Monday, August 31, 2015

The solution to the spinach fallacy?

Last week I blogged about Spinach and the iron fallacy. I analysed an early set of data by Thomas Richardson (1848), who calculated the amount of iron in combusted ash for various vegetables and fruits, and showed that spinach is not at all unusual in its constituents. The idea that spinach is rich in iron is untrue, and the story about a mis-placed decimal point seems to be nothing more than an urban myth.

In the meantime, Joachim Dagg, at the Natural History Apostilles blog, has reanalysed Richardson's data and revealed that The first source for the spinach-iron myth is likely to have been a somewhat inappropriate attempt to combine his data for the percent iron values in relation to the ash with the percent values of the ashes in in relation to the fresh matter.

So, I have recalculated the phylogenetic network using these "adjusted" values. I used the percent values of the chemical constituents in relation to the pure ash (raw ash minus carbonic acid, charcoal and sand), and combined them with the percent values of the ashes. The issue here is that radish roots and leaves have the largest ash values, followed by cherry stems and spinach. This leads to an over-statement of the chemical contents. In particular, the iron content moves spinach from being ranked sixth to second (behind radish foliage, which is not usually eaten).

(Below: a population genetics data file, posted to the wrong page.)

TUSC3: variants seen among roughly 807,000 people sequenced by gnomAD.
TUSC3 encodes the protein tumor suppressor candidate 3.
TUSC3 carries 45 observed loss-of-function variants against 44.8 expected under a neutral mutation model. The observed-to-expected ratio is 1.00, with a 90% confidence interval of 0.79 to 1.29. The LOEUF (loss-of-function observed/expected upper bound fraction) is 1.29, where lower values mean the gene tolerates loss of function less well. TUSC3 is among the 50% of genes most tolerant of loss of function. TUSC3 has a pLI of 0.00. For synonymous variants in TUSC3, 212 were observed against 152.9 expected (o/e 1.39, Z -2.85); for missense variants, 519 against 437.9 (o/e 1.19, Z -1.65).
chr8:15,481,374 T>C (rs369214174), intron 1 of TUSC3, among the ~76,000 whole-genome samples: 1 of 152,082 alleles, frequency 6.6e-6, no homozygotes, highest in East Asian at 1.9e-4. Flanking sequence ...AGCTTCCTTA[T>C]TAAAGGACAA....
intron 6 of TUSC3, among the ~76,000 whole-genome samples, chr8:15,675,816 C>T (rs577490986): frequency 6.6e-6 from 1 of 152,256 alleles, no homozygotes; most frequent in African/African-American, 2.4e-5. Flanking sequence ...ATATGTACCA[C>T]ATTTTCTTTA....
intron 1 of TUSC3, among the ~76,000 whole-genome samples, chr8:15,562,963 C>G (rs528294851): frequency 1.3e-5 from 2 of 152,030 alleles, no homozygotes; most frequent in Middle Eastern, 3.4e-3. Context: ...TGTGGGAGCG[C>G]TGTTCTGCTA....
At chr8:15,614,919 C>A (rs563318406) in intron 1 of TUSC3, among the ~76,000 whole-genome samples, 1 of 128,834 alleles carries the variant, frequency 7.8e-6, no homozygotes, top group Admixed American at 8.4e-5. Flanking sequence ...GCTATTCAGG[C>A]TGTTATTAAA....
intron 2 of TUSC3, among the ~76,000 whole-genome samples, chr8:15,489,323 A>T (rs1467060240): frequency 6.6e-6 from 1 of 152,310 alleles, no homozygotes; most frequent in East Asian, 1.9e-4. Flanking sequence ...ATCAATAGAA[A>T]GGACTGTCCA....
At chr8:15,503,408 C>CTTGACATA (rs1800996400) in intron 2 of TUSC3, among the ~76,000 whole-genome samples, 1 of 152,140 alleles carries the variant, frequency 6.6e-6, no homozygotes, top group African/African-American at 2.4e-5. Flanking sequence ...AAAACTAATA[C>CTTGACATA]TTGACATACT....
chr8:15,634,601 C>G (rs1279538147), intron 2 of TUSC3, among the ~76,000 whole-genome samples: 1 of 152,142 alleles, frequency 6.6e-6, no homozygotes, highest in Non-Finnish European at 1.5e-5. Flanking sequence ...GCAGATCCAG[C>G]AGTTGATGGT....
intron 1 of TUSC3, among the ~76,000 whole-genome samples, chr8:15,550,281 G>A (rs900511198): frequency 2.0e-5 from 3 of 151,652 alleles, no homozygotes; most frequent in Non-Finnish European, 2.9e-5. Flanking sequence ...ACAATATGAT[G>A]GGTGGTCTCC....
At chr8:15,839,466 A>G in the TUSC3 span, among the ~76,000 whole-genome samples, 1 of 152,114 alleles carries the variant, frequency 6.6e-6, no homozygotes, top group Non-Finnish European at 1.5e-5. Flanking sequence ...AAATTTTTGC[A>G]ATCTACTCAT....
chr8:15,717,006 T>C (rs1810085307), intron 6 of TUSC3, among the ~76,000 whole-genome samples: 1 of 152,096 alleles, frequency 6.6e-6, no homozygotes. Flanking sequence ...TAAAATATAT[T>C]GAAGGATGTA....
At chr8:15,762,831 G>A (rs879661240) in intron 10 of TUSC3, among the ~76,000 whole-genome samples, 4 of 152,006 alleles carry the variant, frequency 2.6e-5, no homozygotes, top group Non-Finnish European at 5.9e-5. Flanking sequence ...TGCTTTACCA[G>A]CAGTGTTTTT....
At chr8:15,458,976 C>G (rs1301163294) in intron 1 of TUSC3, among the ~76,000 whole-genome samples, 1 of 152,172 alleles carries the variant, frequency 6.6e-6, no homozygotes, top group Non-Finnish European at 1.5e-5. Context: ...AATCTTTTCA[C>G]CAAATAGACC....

Wednesday, August 26, 2015

Request for datasets

During one of the discussion sessions at the recent Phylogenetic Network Workshop, in Singapore, the need was re-iterated for "gold standard" empirical datasets, in order to aid the development and validation of algorithms for phylogenetic networks.

The current collection of such datasets is located on this blog, at:
However, it is still quite a small database, as so far it has been based solely on my own ability to locate suitable datasets that are freely available (see the comments in Public availability of phylogenetic data).

I would therefore like to remind everyone that if you have, or know of, suitable empirical datasets then please contact me.

The database is currently hierarchically arranged as follows:

Datasets where the history is a tree
  Datasets where the history is known from experimentation
  Datasets where the history is known from retrospective observation
Datasets where the history is reticulated
  Datasets where the history is known from experimentation
  Datasets where the reticulation is inferred
    Lateral Gene Transfer

The basic requirement for a "gold standard" dataset that contains one or more reticulations (ie. there is gene flow) is that the evidence for the reticulation(s) is independent of the particular dataset. That is, there should be either experimental data, or at least another independent dataset, confirming the gene flow. This is quite a tough criterion, particularly for lateral gene transfer, but it is a necessary quality criterion.

Finally, the database requires the processed data (eg. a multiple sequence alignment), rather than the original raw data (see the comments in Releasing phylogenetic data).